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Originally published Sunday, August 17, 2014 at 6:19 AM

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Is a juice cleanse right for you?

A registered dietitian offers tips for incorporating the popular diet on a limited basis into an overall healthy lifestyle that includes longterm sustainable eating and exercise plans, and also advises who should avoid it.


Special to The Seattle Times

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Antioxidants, detox and cleanse are all buzzwords associated with the widely popular juice diet. People try juice cleanses for a variety of reasons including eliminating processed foods, cleaning out the body’s digestive system, consuming more fruits and vegetables and losing weight. Some people believe that this is an easy diet to stick to on-the-go since they can prepare their juices for the day and take them to go. As the juice cleanse continues to gain popularity, I have patients consistently asking me about the diet and if it is effective.

During a juice cleanse people do not eat solid foods, but instead consume 4-6 juices per day that are made from fresh fruits and vegetables. Typical juice drinks contain a combination of fruit, dark leafy greens, such as spinach and kale, and root vegetables such as carrots and beets. People who choose to do the juice cleanse have the option of buying the juices through companies, which usually range anywhere from $40 to $100 per day, or by making them through a juicer. The most popular type of juice cleanses is a three-day cleanse, but there are also one day, five day or even 30-day cleanses.

While the juice cleanse does cut out processed foods and high-fat foods, it contains high amounts of sugar and low amounts of protein, which is not a very healthy long-term diet plan. So how do you know if the juice cleanse is right for you?

As with any diet, it’s important to identify a healthy, sustainable eating and exercise plan that will work for you and your lifestyle. Here are a few tips I tell my patients who have expressed interest starting a juice cleanse.

Know your health. Due to its restrictive nature and high sugar content, juice cleanses are not recommended for people who are trying to gain muscle mass, have diabetes or are underweight. It is also not recommended for the elderly, cancer patients or children as it will not provide them with the necessary nutrients they need to maintain a healthy body.

Fatigue increases with a juice cleanse. Due to lower amounts of protein and less calories being consumed than normal, juice cleanses can make people feel more tired than usual and feel that they have less energy. While on juice cleanses, people should be cautious of doing high intensity exercise for extended periods of time.

You’ll feel hungrier compared to other diets. Our bodies and brains are designed to eat (not drink) our foods. We feel more satisfied from chewing and eating than drinking, which is why people won’t feel as full from consuming a 350 calorie beverage as they will from eating the same amount of calories.

Stick to a 1- or 3-day juice cleanse. Most people can tolerate a 1- or 3-day cleanse without a problem, but any longer and you run the risk of not getting adequate nutrition for a long period of time. With longer juice cleanses, you can also significantly lower your metabolism, which means your body will work to conserve calories instead of burn them. This can make it difficult to keep off the weight you lost on the juice cleanse once you return to a normal diet.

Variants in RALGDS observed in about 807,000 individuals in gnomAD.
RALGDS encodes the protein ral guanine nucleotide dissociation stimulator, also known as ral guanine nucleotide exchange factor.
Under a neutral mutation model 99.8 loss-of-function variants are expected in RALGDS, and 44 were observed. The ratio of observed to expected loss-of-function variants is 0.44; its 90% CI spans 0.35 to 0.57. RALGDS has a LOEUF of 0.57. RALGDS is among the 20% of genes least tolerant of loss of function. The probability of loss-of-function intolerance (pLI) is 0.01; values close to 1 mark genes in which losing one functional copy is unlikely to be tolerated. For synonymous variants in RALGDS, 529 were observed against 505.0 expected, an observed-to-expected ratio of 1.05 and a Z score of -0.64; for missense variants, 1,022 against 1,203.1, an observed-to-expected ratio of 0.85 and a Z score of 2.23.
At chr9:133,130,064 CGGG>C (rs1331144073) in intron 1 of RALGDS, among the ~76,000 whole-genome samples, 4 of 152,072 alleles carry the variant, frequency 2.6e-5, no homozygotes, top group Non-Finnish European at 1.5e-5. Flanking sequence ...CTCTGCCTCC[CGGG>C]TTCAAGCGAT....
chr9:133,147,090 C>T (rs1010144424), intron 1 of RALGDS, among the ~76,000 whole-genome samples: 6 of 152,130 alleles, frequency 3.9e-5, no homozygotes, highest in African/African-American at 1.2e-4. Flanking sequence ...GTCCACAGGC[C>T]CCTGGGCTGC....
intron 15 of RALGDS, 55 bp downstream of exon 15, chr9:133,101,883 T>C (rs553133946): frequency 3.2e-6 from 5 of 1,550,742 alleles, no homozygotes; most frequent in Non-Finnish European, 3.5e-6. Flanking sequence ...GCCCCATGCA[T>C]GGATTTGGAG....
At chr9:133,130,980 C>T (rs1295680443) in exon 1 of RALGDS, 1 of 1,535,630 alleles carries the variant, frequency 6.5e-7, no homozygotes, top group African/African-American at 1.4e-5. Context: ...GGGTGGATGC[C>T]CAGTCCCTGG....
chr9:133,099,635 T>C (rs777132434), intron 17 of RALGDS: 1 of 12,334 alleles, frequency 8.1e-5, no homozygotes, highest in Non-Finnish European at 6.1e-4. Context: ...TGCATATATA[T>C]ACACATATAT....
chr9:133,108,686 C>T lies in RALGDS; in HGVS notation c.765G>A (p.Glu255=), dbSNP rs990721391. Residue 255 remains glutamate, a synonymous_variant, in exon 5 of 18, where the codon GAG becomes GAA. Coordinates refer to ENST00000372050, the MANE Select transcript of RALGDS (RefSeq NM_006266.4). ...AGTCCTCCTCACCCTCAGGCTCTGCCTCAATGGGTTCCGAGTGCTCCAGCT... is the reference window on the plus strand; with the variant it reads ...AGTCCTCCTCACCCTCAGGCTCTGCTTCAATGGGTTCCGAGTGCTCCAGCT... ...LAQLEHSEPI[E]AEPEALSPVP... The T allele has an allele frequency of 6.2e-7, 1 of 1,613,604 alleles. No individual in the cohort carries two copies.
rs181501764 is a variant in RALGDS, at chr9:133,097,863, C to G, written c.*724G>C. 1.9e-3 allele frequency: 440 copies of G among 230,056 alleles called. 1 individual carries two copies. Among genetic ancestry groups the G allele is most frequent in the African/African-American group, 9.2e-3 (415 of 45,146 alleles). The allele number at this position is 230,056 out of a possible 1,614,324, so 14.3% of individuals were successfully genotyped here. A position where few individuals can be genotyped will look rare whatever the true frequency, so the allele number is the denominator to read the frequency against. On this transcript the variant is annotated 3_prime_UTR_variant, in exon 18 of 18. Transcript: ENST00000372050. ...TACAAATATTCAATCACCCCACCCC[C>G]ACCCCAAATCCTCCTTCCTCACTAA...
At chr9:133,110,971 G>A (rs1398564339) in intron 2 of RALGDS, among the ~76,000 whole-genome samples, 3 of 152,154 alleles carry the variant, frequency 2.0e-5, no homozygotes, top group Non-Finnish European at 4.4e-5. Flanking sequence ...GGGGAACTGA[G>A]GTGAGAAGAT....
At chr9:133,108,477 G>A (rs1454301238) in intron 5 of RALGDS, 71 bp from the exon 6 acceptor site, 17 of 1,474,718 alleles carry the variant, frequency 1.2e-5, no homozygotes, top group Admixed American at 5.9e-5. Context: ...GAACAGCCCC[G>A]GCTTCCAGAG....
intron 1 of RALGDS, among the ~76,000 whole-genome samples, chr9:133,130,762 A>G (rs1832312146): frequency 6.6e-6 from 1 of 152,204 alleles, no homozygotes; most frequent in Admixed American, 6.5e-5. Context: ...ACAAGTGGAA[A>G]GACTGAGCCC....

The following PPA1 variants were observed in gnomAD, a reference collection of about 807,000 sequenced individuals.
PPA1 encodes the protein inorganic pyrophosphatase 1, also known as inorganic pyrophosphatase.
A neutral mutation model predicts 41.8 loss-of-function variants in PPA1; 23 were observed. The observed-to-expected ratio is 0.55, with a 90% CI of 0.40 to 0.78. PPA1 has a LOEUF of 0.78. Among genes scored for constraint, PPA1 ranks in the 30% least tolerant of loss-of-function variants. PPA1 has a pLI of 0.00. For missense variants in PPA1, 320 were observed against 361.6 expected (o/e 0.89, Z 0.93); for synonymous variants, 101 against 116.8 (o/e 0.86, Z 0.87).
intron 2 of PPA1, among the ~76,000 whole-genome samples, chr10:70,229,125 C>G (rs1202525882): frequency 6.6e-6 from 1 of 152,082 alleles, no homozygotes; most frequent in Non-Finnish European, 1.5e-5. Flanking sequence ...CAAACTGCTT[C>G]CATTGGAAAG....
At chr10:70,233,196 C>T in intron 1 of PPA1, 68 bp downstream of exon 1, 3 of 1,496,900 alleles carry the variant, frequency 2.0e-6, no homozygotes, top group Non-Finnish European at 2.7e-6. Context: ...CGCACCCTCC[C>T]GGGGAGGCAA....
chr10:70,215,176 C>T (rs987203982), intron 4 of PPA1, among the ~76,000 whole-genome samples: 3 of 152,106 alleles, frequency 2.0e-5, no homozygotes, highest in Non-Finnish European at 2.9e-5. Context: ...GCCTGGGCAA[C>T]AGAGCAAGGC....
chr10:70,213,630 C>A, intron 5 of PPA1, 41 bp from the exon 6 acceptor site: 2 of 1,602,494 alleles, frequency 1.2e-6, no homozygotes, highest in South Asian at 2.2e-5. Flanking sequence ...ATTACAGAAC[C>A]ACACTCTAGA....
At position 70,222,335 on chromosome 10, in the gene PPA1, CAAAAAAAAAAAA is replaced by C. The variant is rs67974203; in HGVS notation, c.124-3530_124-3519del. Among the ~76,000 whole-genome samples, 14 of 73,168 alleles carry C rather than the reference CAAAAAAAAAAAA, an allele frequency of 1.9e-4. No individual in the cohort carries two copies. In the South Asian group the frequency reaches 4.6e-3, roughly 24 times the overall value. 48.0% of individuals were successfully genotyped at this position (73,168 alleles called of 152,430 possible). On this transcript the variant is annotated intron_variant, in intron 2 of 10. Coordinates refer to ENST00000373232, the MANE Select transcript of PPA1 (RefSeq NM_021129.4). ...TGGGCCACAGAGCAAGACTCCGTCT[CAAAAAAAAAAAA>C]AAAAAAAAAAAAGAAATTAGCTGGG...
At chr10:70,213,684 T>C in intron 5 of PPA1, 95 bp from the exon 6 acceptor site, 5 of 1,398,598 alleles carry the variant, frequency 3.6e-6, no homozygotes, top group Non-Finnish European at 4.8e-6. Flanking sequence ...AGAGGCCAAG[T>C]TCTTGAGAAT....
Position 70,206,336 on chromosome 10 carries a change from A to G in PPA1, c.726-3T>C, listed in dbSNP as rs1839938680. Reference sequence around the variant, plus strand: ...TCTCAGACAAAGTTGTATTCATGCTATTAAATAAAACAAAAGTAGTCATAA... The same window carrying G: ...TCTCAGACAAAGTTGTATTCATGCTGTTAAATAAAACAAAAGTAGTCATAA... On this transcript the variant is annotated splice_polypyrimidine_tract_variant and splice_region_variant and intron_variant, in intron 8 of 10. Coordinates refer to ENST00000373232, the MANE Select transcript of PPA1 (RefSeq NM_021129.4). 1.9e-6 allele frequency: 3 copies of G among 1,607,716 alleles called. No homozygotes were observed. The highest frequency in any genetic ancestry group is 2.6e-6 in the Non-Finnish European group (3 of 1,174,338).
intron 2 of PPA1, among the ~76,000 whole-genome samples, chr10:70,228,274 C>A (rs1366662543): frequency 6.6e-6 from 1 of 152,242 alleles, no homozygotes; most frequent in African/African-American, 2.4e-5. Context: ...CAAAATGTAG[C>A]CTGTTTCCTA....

Maintain a healthy body. Our bodies are naturally detoxified by our organs of elimination — the skin, lungs, intestines, kidneys and liver. The best way to “cleanse” yourself is by supporting these organs — staying hydrated; eating high-fiber foods; avoiding excess alcohol and drugs, including limiting over-the-counter medications; staying active; and avoiding smoking.

While a juice cleanse may not be right for everyone, elements from the juice cleanse can be incorporated into building a healthy diet and exercise plan that is sustainable for your needs. The juice cleanse promotes increased amounts of fruits and vegetables — food groups that are generally lacking in the American diet, which typically includes high amounts of meat and starch.

As a guideline for a healthy diet, half of your plate should include non-starchy vegetables, a quarter should include grains or starch and the other quarter should include lean protein with fruit and dairy on the side. Juices can also be incorporated into your diet as one of your meals such as breakfast or as a snack. When making juices, be sure to include mostly vegetables and a small amount of fruit for flavor. Protein powder, dairy or nut milk, and oatmeal can also be great options to include in your juice or smoothie.

Finally, it is important to have a physical activity plan, as well as eating plan to lose weight or maintain a healthy lifestyle. I recommend doing resistance training such as using weights, doing yoga, or using resistance bands, at least twice a week to build muscle tissue, which burns the most calories even when your body is resting. In addition, make it a goal to be active every day for at least 30 minutes, even if it’s just walking, which will help you to burn calories throughout the day.

Heather King is a registered dietitian at Pacific Medical Centers and practices at the Beacon Hill, Renton and Federal Way clinics. Pacific Medical Centers is a private, not-for-profit, multispecialty healthcare network of nine clinics in Beacon Hill, Canyon Park, Federal Way, First Hill, Lynnwood, Northgate, Puyallup, Renton and Totem Lake. For more information visit www.PacMed.org.



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